Obscure Netflix Movie Recommendations: The Concert and Breaking Away

Okay, so I realize that for some of you, Breaking Away won’t count as an “obscure” movie. I mean, it won an Oscar for Best Writing, and it got nominations for Best Picture, Director, Supporting Actress, and Music. But that was back in 1979, and I’m willing to bet good money that almost none of you reading this have heard of the movie. Which is a shame–it’s a good flick. (Best Picture material? I don’t know about that . . .)

It’s the story of a group of friends just graduated from high school. They live in a college town in Indiana and don’t see themselves as college material. Their fathers all worked in the stone quarry, relegating them all to the social class of “Cutters” (rock cutters–get it?) The main character is Dave, a teen obsessed with bike racing and Italy. He’s so nuts about it, he speaks Italian to his parents. There’s a big bike race in town every year, and this year they’re finally letting a group of locals compete (before it’s always been for the university types).

It’s well acted and directed, and the music is fantastic. An inspirational, uplifting movie whose main problem is a tendency to meander through the story instead of streamlining things a bit better. Really, I would have adored it had it had more of a direction the first third of the film. As it was, it came across as more of a slice of life movie that morphed into a sports movie halfway through. Even still, it’s a great flick and worth checking out. 7 out of 10 stars.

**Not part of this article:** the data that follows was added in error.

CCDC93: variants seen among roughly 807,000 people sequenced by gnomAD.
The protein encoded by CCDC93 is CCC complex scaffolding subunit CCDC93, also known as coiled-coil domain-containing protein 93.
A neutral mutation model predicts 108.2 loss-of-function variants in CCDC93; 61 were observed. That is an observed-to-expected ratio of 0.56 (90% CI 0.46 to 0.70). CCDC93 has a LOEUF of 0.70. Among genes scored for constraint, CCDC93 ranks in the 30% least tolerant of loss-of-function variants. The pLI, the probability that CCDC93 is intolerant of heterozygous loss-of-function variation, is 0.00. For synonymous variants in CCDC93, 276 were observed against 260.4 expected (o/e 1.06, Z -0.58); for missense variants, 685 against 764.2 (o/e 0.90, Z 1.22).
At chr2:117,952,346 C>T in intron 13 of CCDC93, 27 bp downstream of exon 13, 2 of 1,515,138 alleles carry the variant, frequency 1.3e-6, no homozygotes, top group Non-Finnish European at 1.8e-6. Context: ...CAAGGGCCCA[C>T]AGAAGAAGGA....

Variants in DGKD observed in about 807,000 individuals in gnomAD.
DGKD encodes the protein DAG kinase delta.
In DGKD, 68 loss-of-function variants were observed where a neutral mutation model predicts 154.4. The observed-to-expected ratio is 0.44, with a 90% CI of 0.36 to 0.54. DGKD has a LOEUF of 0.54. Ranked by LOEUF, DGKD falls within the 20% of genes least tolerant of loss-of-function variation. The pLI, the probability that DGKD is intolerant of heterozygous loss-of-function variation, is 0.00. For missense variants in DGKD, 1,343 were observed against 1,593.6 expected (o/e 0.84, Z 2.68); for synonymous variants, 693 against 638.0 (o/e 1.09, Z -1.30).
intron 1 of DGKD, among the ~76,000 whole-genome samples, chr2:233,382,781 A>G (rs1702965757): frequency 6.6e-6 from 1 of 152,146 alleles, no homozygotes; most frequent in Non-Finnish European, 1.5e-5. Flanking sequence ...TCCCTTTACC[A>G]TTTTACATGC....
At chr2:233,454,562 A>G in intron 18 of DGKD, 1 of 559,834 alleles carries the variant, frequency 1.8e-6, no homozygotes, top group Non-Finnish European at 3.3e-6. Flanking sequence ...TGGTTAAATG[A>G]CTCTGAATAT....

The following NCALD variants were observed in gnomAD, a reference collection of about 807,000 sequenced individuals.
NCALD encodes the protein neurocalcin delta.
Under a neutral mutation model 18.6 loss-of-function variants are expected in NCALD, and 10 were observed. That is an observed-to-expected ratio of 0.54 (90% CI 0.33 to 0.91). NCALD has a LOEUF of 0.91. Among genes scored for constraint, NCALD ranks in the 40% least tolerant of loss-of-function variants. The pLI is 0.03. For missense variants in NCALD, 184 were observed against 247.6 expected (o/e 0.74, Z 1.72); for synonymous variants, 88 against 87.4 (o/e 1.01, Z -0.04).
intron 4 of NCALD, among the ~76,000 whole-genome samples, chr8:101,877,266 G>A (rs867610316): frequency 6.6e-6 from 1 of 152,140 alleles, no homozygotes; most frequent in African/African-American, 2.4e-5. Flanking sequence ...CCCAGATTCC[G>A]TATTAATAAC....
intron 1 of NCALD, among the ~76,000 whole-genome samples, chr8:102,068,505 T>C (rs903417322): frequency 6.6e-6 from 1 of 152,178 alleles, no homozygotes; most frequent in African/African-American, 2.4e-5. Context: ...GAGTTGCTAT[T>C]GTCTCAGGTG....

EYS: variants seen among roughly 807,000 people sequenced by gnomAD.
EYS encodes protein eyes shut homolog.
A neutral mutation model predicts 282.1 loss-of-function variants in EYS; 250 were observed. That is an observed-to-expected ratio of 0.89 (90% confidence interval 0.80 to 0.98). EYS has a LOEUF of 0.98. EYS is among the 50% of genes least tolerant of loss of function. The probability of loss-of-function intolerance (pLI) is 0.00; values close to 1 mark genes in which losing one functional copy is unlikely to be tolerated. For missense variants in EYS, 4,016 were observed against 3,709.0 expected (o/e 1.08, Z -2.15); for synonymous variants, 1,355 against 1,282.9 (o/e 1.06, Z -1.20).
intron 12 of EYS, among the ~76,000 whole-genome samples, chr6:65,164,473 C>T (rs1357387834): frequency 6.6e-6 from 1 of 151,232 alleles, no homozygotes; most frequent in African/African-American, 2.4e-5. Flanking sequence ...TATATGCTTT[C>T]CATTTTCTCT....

The other movie I’d like to highlight for you is The Concert, a French/Russian movie that was a great surprise for me. It’s the story of a former conductor of the Bolshoi orchestra in USSR days, now forced to be a janitor for the same organization. He dreams of returning to glory one day, and when he intercepts a request for the Bolshoi to come to France and perform, he leaps at the chance. He gets a group of musicians together and decides to impersonate the Bolshoi orchestra. The movie is funny and unpredictable from start to finish. Yes, it’s in French and Russian, but come on–give it a shot. Really, my one critique of the film is that there were several times when it was very clear the musicians weren’t actually playing their instruments. That’ll probably not be an issue for most of you, but it’s a pet peeve of mine. At least take the time to know where your fingers should be going depending on the notes coming out of that thing you’re holding. 9 out of 10 for this one.

Anyone already seen either or both of these? Got something to add? Chime in!

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